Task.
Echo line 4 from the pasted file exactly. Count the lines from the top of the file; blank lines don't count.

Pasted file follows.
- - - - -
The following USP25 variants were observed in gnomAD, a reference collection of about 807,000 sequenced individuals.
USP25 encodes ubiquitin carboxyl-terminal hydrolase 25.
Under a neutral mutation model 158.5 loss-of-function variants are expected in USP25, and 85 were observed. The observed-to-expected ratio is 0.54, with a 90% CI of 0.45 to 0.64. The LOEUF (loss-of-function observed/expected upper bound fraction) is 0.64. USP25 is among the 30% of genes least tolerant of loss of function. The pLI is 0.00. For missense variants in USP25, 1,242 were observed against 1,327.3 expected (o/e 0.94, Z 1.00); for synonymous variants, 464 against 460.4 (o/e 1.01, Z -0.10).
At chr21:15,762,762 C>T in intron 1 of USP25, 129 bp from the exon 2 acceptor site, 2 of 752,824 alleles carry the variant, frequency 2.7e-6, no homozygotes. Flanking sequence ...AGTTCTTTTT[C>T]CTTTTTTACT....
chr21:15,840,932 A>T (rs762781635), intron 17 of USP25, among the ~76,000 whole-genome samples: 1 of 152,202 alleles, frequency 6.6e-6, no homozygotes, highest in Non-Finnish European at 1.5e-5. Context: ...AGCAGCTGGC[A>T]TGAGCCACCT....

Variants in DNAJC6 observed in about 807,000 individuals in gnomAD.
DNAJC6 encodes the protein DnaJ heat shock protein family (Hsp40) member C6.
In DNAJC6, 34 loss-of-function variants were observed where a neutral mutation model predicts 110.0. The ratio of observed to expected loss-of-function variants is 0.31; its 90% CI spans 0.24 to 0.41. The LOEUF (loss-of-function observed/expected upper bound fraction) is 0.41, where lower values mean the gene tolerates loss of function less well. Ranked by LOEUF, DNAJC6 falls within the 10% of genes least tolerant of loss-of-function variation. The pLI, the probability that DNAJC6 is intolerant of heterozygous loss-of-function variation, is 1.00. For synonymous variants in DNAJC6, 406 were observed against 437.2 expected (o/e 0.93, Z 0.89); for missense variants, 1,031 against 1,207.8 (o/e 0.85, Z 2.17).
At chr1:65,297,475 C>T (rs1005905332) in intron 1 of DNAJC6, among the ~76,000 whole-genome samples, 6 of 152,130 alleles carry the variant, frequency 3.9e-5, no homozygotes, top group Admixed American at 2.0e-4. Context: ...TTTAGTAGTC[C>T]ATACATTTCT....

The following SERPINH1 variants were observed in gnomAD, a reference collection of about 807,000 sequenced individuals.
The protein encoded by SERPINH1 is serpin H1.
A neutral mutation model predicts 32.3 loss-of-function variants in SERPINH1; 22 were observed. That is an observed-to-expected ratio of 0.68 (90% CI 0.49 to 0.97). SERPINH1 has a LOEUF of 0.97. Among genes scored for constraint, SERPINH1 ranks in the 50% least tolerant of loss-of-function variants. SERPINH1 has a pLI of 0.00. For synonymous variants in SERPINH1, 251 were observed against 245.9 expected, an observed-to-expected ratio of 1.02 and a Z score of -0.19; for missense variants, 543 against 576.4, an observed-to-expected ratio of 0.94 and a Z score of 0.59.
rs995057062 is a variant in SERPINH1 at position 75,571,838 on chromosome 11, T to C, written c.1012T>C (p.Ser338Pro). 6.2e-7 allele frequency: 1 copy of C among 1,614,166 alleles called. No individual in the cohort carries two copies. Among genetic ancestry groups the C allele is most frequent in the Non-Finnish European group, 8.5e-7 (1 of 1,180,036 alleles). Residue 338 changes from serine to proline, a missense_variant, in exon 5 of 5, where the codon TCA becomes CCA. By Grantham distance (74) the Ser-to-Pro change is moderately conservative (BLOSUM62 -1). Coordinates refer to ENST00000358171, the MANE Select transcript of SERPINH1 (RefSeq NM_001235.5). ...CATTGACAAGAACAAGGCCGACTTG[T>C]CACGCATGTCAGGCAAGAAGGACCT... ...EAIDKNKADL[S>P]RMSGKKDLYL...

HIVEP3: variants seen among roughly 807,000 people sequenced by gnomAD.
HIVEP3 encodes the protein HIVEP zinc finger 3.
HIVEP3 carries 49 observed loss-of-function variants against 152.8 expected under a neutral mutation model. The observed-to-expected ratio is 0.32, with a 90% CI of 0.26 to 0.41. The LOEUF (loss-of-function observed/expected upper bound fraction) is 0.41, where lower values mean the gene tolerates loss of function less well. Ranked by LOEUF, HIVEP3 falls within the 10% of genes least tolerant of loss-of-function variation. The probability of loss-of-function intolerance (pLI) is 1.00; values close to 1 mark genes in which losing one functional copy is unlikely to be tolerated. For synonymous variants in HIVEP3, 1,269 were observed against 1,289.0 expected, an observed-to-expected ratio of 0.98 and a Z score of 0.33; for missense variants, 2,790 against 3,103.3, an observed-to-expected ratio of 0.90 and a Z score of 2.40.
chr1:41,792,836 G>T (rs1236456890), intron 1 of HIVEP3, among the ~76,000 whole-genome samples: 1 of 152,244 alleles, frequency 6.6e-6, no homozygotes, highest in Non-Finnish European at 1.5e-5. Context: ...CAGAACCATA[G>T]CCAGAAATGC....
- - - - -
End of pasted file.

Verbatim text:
At chr21:15,762,762 C>T in intron 1 of USP25, 129 bp from the exon 2 acceptor site, 2 of 752,824 alleles carry the variant, frequency 2.7e-6, no homozygotes. Flanking sequence ...AGTTCTTTTT[C>T]CTTTTTTACT....